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"The two governments have their political concerns, their sense of pride," Liou said. "But we regular people, we want to make friends, make money, we want to see each other."
"If China leaves Taiwan alone, if they are patient, sooner or later, it's going to be unified," he said.
Kunshan City, in Jiangsu province, a 20-minute ride on the bullet train from Shanghai, is now home to so many Taiwanese businesses that it has been nicknamed "Little Taipei," after Taiwan's capital. Its Yellow River Main Street is lined with Taiwanese restaurants and fast-food joints, offering dumplings, noodles, milk tea and fresh fruits from the island.
"I call myself a new immigrant," said Jenny Zhan Guifen, a former fashion designer and organic farmer who moved to China with her children five years ago after a divorce. She now runs the Dream Herb cafe, a Kunshan gathering spot for Taiwanese.
The influx has made Kunshan one of China's most prosperous cities, with the Taiwanese-owned factories turning out Dell laptops, digital cameras and iPods. But it wasn't always so.
When Huang Jian-zhong first came in 1999, moving his food-additive manufacturing company from Guangdong province in the south, Kunshan was a rural backwater to cosmopolitan Shanghai, he recalled. "When I came here, my neighbor was a pig farm," he said, looking out his office window at new high-rise apartments and sprawling factories.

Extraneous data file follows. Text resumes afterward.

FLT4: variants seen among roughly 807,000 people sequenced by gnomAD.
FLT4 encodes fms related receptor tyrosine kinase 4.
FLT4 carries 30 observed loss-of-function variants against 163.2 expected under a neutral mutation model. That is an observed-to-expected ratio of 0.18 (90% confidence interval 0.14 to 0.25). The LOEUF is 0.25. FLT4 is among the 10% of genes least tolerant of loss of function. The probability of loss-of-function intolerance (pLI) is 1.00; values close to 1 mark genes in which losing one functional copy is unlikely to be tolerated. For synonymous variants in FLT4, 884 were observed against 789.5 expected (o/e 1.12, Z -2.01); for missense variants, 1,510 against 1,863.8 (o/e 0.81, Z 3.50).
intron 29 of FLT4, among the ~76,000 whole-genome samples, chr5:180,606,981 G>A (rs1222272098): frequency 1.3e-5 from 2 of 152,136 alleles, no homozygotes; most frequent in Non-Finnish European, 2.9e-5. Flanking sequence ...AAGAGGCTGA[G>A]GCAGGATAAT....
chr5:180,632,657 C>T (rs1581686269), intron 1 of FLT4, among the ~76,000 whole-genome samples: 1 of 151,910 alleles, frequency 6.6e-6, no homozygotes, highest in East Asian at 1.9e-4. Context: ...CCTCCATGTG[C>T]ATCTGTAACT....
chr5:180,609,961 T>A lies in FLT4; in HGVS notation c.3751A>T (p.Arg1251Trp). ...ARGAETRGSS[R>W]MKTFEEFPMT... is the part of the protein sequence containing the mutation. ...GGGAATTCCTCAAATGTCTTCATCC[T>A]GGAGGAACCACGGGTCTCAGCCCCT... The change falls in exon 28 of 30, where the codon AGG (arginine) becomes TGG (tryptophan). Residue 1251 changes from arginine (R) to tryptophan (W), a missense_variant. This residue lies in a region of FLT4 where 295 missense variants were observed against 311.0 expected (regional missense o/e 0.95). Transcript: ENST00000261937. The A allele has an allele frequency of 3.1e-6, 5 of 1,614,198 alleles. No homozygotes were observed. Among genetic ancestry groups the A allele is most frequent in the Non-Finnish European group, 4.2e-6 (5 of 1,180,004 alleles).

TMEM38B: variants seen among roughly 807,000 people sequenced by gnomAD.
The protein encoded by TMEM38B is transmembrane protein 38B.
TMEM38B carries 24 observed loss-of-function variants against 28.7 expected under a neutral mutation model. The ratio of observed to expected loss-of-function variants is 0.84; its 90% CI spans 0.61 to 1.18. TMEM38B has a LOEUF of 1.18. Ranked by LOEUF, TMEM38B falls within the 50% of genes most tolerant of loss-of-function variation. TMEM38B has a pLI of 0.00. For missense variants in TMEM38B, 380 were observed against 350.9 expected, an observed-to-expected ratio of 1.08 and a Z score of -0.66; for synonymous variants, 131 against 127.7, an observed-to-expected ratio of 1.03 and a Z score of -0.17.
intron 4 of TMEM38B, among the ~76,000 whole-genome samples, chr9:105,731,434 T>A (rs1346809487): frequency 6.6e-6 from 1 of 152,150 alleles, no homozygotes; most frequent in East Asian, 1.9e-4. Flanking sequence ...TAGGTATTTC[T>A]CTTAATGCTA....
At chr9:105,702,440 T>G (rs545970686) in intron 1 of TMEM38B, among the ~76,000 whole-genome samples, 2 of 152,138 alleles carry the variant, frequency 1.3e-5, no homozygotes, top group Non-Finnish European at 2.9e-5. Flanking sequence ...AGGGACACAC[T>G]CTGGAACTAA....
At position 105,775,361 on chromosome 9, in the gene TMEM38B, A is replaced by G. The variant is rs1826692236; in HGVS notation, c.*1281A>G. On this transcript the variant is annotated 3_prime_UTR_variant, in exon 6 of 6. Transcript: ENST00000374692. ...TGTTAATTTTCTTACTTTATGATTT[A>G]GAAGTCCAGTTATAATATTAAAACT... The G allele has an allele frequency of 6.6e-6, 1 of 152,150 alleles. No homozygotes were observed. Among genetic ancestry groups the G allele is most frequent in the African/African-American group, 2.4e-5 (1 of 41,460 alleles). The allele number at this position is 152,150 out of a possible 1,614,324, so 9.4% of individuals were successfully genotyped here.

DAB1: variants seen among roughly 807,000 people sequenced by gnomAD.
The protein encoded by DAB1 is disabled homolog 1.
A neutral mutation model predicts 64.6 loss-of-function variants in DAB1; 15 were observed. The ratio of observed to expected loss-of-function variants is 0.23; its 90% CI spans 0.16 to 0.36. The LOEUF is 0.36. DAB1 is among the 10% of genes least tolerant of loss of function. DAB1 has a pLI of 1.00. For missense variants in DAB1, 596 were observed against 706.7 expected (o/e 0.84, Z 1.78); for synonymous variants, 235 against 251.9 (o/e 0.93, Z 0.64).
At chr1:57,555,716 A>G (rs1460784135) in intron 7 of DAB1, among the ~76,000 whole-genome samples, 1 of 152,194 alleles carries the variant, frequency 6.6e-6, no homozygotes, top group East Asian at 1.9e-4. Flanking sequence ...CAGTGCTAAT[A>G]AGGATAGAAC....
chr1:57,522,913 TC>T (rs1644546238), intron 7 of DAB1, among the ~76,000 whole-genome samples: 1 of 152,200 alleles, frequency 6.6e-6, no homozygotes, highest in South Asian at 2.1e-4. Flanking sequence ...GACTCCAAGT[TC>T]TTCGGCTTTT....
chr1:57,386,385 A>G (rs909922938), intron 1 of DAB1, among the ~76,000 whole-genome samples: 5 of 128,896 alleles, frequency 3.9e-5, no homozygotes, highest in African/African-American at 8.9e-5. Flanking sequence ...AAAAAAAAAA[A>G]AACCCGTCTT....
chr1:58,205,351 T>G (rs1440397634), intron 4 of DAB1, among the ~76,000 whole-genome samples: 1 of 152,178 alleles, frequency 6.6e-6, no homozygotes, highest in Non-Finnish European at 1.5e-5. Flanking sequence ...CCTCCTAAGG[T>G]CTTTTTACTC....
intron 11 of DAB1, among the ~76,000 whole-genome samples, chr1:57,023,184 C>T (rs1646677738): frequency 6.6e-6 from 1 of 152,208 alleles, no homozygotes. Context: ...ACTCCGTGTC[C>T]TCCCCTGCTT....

But the Kunshan government courted mid-size Taiwanese businesses, offering incentives and cutting red tape when glitzier Shanghai was more interested in attracting big international firms. "Shanghai didn't attach enough importance to Taiwanese businesses," said Huang, 52, who is also deputy head of the local Taiwan Business Association.
Word spread among the Taiwanese business community, and today about 4,000 Taiwanese firms are based in Kunshan, constituting 70 percent of the local economy. An estimated 100,000 Taiwanese live in Kunshan.
Huang says he is a proud member of Taiwan's Kuomintang (KMT), the party of Chiang Kai-shek, who fled with his forces to Taiwan in 1949. But as a prominent businessman, Huang now meets with Kunshan officials.
"I ask myself, as a KMT member, what am I doing here attending Communist Party meetings?" Huang joked.
While serving his mandatory tour in the Taiwanese army, Ting Chang-sing was based on Kinmen island, Taiwan's closest island outpost to the Chinese mainland. It was a time of tension across the strait, with China staging missile tests to intimidate the island.
"You could see the PLA soldiers smoking and napping," Ting, now 36, recalled. "When I saw the PLA soldiers on the mainland, my eyes were filled with anger."